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How to Buy True Christmas Cactus Online + What to do When It Arrives

Christmas cactus cuttings unboxed.

If you’re reading this, it’s likely you’ve recently received a shock. You found out your treasured Christmas cactus is, in fact, a Thanksgiving cactus.

So, you spent some time in therapy dealing with the rage brought on by retailers marketing them as Christmas cactuses. And from there, you were able to tackle the loss of the houseplant you thought you knew. Now, you’re working on acceptance.

But not really.

You still love your Thanksgiving cactus, but there’s a hole now.

You need a Schlumbergera buckleyi.

And that’s why you’re here. I will show you where to source true Christmas cactus cuttings and how to turn them into a thriving potted plant once you receive them. Here you will find true Schlumbergera healing.

(However, if you’re reading this and find yourself wondering if that plant in your living room is a true Christmas cactus, you’ll want to check this out.)

Why Is It So Hard to Find True Christmas Cactus in Stores?

True Christmas cactus in bloom.

You may have noticed the only time stores carry Schlumbergera of any kind is a few weeks after Thanksgiving. Christmas or Thanksgiving cacti aren’t available all year because they only sell well when they are in bloom. And their name corresponds with when they typically bloom.  

Over the years, the Christmas shopping season arrived in stores earlier each year, so the need for a holiday plant covered in buds ready to bloom was met by the earlier blooming Thanksgiving cactus. Schlumbergera truncata became the new “Christmas cactus.”

Overhead view of budded out Thanksgiving cactus plants in a store.

They come in many more colors than a true Christmas cactus and bud out, ready to ship when the holidays roll around. Unfortunately, no commercial nurseries bother growing and selling true Christmas cactuses anymore.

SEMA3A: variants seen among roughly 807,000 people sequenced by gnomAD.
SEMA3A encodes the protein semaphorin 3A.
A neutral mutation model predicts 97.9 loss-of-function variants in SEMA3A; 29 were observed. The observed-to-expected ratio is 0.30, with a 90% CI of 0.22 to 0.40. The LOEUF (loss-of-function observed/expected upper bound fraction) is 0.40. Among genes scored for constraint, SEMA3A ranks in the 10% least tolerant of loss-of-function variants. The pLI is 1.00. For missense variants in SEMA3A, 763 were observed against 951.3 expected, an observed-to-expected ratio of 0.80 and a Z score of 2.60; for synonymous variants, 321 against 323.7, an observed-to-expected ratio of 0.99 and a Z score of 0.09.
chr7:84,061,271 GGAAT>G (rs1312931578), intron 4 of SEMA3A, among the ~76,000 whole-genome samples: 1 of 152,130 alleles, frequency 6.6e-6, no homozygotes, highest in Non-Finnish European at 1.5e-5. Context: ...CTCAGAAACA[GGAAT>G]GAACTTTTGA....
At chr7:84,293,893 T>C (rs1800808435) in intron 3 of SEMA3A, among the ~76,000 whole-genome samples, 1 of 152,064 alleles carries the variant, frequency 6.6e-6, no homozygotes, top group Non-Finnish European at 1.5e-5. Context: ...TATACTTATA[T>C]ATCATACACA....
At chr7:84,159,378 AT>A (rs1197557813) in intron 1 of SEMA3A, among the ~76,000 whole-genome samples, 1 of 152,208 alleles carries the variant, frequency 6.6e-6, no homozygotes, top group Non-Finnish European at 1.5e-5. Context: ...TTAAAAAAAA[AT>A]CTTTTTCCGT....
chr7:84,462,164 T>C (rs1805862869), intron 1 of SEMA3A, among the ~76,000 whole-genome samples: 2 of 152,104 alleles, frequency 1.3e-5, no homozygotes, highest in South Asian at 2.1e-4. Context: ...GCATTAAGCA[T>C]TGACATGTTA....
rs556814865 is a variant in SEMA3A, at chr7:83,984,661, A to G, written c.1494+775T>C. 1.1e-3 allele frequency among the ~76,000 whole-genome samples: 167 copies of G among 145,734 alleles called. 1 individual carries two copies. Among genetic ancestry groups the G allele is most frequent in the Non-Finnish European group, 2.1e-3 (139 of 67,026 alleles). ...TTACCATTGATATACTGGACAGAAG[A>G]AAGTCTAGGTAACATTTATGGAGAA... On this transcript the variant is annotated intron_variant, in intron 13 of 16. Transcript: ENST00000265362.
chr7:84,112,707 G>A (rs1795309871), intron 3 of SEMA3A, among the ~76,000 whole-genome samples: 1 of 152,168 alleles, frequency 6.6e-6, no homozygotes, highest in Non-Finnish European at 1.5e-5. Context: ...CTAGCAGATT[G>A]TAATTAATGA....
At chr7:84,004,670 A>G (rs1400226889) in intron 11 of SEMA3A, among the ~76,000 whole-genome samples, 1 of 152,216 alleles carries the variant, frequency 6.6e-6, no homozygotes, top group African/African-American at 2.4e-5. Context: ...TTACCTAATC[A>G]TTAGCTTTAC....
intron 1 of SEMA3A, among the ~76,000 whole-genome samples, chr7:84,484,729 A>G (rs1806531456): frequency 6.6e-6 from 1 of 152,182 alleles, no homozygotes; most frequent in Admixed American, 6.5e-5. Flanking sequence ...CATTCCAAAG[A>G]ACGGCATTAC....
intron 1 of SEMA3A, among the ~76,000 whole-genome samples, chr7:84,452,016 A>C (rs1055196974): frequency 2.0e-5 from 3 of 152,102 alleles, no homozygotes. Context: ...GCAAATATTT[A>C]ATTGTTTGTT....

However, with the recent houseplant revival, there is a renewed interest in Schlumbergera buckleyi.

This has led to true Christmas cactus cuttings becoming a cottage industry online. If you’re willing to get a little dirt under your nails, you can start a plant of your own, and in a year or so, be the resident supplier of true Christmas cactus cuttings to your friends and family.

Where to Get a True Christmas Cactus

Always Look at Home First

Woman's hands snipping cuttings from a true Christmas cactus plant.

The easiest way to get your hands on a true Christmas cactus is to ask for cuttings from someone who already has one and start your own. Ask around – friends, family, coworkers, your book club, etc. You may be surprised at who in your life has a large, healthy Christmas cactus at home.

You may also find all the people in your life who think they have a Christmas cactus that’s actually a Thanksgiving cactus.

A healthy Thanksgiving cactus in full bloom.
What do you mean it’s not a Christmas cactus?

Don’t be shy! I once asked for cuttings from a local business when I was walking by and saw their massive Schlumbergera buckleyi in the window. Plant people are usually quite happy to share.

Sourcing cuttings locally is ideal, as they don’t have to travel through the postal system.

Depending on where you live, and the time of year, they may not survive the trip if you purchase cuttings online. It could be too cold, or they can be mishandled and arrive damaged beyond saving. It’s worth putting in the detective work to find someone locally with a Schlumbergera buckleyi.

Ask for 4-6 cuttings of at least three segments long for the best start; if you can get longer segments, all the better. Have your friend wrap the cuttings in a damp paper towel and put them in a plastic bag.

Purchasing True Christmas Cactus Cuttings Online

Schlumbergera buckleyi cuttings.

As I mentioned, it may be hard to find a potted Christmas cactus online, but it’s incredibly easy to purchase Christmas cactus cuttings these days. So, if you’ve looked high and low among friends and family and struck out, it’s eBay and Etsy to the rescue.

Like many online purchases, if you’re an uninformed consumer, you can end up with something other than what you wanted – like another Thanksgiving cactus.

I’m going to walk you through everything you need to know to successfully purchase true Christmas cactus cuttings online and root them successfully.

Sourcing Cuttings on eBay and Etsy

It’s as simple as typing “Schlumbergera buckleyi cutting” into the search bar and gleaning the results. I’ve had great luck with both online retailers.

Ultimately, it all comes down to the individual seller you choose to purchase from.